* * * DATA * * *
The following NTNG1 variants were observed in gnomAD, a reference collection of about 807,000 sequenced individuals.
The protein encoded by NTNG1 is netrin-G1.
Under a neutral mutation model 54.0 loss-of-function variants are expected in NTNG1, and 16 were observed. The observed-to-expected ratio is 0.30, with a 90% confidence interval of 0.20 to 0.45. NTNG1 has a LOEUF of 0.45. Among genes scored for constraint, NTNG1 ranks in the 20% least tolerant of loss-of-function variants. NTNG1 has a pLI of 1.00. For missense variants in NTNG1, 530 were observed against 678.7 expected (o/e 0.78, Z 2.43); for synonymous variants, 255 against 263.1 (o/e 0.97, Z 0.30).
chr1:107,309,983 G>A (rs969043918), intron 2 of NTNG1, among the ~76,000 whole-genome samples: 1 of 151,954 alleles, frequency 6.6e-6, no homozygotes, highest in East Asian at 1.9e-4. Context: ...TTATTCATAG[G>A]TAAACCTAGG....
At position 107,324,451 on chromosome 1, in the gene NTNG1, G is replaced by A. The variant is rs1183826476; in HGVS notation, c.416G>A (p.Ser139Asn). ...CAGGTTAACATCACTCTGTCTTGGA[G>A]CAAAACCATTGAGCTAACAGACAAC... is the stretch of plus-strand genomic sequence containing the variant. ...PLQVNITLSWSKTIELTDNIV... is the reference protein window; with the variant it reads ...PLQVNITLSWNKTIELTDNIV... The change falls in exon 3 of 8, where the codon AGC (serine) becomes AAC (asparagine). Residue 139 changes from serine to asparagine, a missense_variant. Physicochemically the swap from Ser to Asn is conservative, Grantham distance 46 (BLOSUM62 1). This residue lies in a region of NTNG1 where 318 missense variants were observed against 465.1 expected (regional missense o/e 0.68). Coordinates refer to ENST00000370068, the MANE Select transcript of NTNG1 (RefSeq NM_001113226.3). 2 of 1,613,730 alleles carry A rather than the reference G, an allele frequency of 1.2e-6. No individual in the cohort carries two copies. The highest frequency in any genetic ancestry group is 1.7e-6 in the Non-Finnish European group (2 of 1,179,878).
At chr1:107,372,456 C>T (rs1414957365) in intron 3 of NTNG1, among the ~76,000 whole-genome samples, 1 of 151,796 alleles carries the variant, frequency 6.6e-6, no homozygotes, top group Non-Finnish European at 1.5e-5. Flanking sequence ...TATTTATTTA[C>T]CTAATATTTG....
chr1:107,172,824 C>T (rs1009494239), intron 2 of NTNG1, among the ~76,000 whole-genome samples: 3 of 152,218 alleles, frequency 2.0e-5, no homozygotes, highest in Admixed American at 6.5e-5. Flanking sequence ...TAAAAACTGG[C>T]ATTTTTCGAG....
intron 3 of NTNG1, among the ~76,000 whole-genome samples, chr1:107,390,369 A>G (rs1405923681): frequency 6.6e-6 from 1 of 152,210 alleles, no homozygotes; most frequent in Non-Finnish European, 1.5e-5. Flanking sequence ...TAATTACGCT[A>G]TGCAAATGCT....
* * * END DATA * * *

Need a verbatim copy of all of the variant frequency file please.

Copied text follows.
The following NTNG1 variants were observed in gnomAD, a reference collection of about 807,000 sequenced individuals.
The protein encoded by NTNG1 is netrin-G1.
Under a neutral mutation model 54.0 loss-of-function variants are expected in NTNG1, and 16 were observed. The observed-to-expected ratio is 0.30, with a 90% confidence interval of 0.20 to 0.45. NTNG1 has a LOEUF of 0.45. Among genes scored for constraint, NTNG1 ranks in the 20% least tolerant of loss-of-function variants. NTNG1 has a pLI of 1.00. For missense variants in NTNG1, 530 were observed against 678.7 expected (o/e 0.78, Z 2.43); for synonymous variants, 255 against 263.1 (o/e 0.97, Z 0.30).
chr1:107,309,983 G>A (rs969043918), intron 2 of NTNG1, among the ~76,000 whole-genome samples: 1 of 151,954 alleles, frequency 6.6e-6, no homozygotes, highest in East Asian at 1.9e-4. Context: ...TTATTCATAG[G>A]TAAACCTAGG....
At position 107,324,451 on chromosome 1, in the gene NTNG1, G is replaced by A. The variant is rs1183826476; in HGVS notation, c.416G>A (p.Ser139Asn). ...CAGGTTAACATCACTCTGTCTTGGA[G>A]CAAAACCATTGAGCTAACAGACAAC... is the stretch of plus-strand genomic sequence containing the variant. ...PLQVNITLSWSKTIELTDNIV... is the reference protein window; with the variant it reads ...PLQVNITLSWNKTIELTDNIV... The change falls in exon 3 of 8, where the codon AGC (serine) becomes AAC (asparagine). Residue 139 changes from serine to asparagine, a missense_variant. Physicochemically the swap from Ser to Asn is conservative, Grantham distance 46 (BLOSUM62 1). This residue lies in a region of NTNG1 where 318 missense variants were observed against 465.1 expected (regional missense o/e 0.68). Coordinates refer to ENST00000370068, the MANE Select transcript of NTNG1 (RefSeq NM_001113226.3). 2 of 1,613,730 alleles carry A rather than the reference G, an allele frequency of 1.2e-6. No individual in the cohort carries two copies. The highest frequency in any genetic ancestry group is 1.7e-6 in the Non-Finnish European group (2 of 1,179,878).
At chr1:107,372,456 C>T (rs1414957365) in intron 3 of NTNG1, among the ~76,000 whole-genome samples, 1 of 151,796 alleles carries the variant, frequency 6.6e-6, no homozygotes, top group Non-Finnish European at 1.5e-5. Flanking sequence ...TATTTATTTA[C>T]CTAATATTTG....
chr1:107,172,824 C>T (rs1009494239), intron 2 of NTNG1, among the ~76,000 whole-genome samples: 3 of 152,218 alleles, frequency 2.0e-5, no homozygotes, highest in Admixed American at 6.5e-5. Flanking sequence ...TAAAAACTGG[C>T]ATTTTTCGAG....
intron 3 of NTNG1, among the ~76,000 whole-genome samples, chr1:107,390,369 A>G (rs1405923681): frequency 6.6e-6 from 1 of 152,210 alleles, no homozygotes; most frequent in Non-Finnish European, 1.5e-5. Flanking sequence ...TAATTACGCT[A>G]TGCAAATGCT....